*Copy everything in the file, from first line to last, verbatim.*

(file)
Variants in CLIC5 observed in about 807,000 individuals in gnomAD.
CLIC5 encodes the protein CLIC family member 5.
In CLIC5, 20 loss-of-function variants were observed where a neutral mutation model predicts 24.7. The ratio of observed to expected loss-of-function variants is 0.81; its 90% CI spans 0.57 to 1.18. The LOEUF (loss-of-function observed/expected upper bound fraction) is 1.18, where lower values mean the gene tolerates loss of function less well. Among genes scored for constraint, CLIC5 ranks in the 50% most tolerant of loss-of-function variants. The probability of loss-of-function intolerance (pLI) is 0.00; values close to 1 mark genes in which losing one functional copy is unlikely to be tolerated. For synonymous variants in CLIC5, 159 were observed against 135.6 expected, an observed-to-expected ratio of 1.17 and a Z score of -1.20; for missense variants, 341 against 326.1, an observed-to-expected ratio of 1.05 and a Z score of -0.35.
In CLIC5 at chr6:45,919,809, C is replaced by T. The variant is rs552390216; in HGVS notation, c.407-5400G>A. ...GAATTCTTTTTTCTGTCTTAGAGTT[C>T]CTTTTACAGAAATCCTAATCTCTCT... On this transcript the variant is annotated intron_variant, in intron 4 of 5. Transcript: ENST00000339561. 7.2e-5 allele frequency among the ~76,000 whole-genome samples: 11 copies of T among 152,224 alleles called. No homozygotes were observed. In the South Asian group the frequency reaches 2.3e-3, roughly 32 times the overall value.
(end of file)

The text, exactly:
Variants in CLIC5 observed in about 807,000 individuals in gnomAD.
CLIC5 encodes the protein CLIC family member 5.
In CLIC5, 20 loss-of-function variants were observed where a neutral mutation model predicts 24.7. The ratio of observed to expected loss-of-function variants is 0.81; its 90% CI spans 0.57 to 1.18. The LOEUF (loss-of-function observed/expected upper bound fraction) is 1.18, where lower values mean the gene tolerates loss of function less well. Among genes scored for constraint, CLIC5 ranks in the 50% most tolerant of loss-of-function variants. The probability of loss-of-function intolerance (pLI) is 0.00; values close to 1 mark genes in which losing one functional copy is unlikely to be tolerated. For synonymous variants in CLIC5, 159 were observed against 135.6 expected, an observed-to-expected ratio of 1.17 and a Z score of -1.20; for missense variants, 341 against 326.1, an observed-to-expected ratio of 1.05 and a Z score of -0.35.
In CLIC5 at chr6:45,919,809, C is replaced by T. The variant is rs552390216; in HGVS notation, c.407-5400G>A. ...GAATTCTTTTTTCTGTCTTAGAGTT[C>T]CTTTTACAGAAATCCTAATCTCTCT... On this transcript the variant is annotated intron_variant, in intron 4 of 5. Transcript: ENST00000339561. 7.2e-5 allele frequency among the ~76,000 whole-genome samples: 11 copies of T among 152,224 alleles called. No homozygotes were observed. In the South Asian group the frequency reaches 2.3e-3, roughly 32 times the overall value.